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CRC Begins Exploring Curriculum Options


At the behest of Synod 2016 (the annual general assembly of the Christian Reformed Church), staff is exploring options for providing distinctively Reformed curricula for children and teens. The CRC’s Faith Formation Ministries (FFM) prepared an extensive report for the September 2016 Board of Trustees meeting.

The report included a brief history of the CRC’s publishing efforts, which began in 1937. Some of its most popular curricula included Bible Way (produced in 1972); LiFE (produced in 1994); Walk With Me (released in 2004); and Kid Connection (released in 2007). The most recent curriculum, released in 2011, is Dwell. As a result of financial constraints, it was never properly launched or fully marketed.

The report noted that when Synod 2013 dissolved Faith Alive Christian Resources, it intended to continue the publishing ministry’s core functions, including producing curriculum for children and teens. But no plans or resources were put in place. In the year following, the report stated, “the few remaining Faith Alive curriculum editorial staff either retired and were not replaced, were not re-hired after maternity leave, or were reassigned.” Additionally, only one editorial staff member with an intimate, experienced teaching knowledge of Walk With Me, Kid Connection, and Dwell remains on staff. “Staff with that level of familiarity with resources for middle school and up (including grades 6-8 of Dwell, catechism resources, and profession of faith resources) are gone,” the report noted.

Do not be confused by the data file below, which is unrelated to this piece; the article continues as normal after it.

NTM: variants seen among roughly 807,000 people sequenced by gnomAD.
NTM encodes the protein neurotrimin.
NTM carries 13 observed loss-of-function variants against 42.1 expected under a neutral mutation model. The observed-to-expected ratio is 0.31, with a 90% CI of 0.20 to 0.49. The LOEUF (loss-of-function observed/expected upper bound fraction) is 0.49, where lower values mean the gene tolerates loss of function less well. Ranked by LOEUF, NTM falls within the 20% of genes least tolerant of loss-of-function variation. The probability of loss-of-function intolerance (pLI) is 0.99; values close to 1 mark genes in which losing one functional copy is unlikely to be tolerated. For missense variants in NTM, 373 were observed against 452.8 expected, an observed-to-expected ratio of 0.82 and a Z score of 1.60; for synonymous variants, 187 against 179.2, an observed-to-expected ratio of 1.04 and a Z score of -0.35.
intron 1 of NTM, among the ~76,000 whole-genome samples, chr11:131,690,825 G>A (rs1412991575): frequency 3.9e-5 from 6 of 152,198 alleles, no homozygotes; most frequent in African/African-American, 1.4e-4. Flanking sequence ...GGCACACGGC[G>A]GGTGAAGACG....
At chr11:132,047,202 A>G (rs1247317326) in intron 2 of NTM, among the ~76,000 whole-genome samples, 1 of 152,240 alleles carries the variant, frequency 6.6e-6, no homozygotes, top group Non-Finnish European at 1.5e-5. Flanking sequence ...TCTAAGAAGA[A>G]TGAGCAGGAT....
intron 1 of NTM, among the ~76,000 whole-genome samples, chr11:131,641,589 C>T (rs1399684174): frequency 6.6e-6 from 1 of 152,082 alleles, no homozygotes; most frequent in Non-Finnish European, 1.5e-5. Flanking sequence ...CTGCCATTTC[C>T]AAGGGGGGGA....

The report laid out some options for the board to consider. Creating an entirely new curriculum would require a mandate from synod and the board, as well as significant funding—in the neighborhood of $2-3 million. It would also require three to five years and increased staffing. The FFM reported that, given the resources available, it is “virtually impossible to plan a new curriculum at this time.”

Another option, the report authors said, is to focus on communicating Reformed distinctives by providing other tools to help churches communicate to children, youth, and adults what being Reformed means and why it matters. Ideas include accessible online tools for explaining the Reformed worldview with children of various ages; A “Sunday School Toolkit” to help church leaders select, revise, and/or write their own curriculum for their church, which could include a “benchmarks” assessment document; and age-appropriate Sunday school sessions titled “Why Is Our Church Called Christian Reformed?” For teens, there could be resources for new catechism models or youth group sessions.

The report also raised the question of what would happen if the CRCNA stops offering distinctively Reformed children’s ministry curricula. To what extent would that contribute to the erosion of Reformed identity in the CRC?

The board asked the Faith Formation Ministries to further explore these options:

  • A refresh of Walk With Me or Dwell.
  • A Sunday school tool kit.
  • A vetting process for existing curriculum available from other sources.
  • Partnering with other curriculum providers.

The board asked for an update for its February 2017 meeting.

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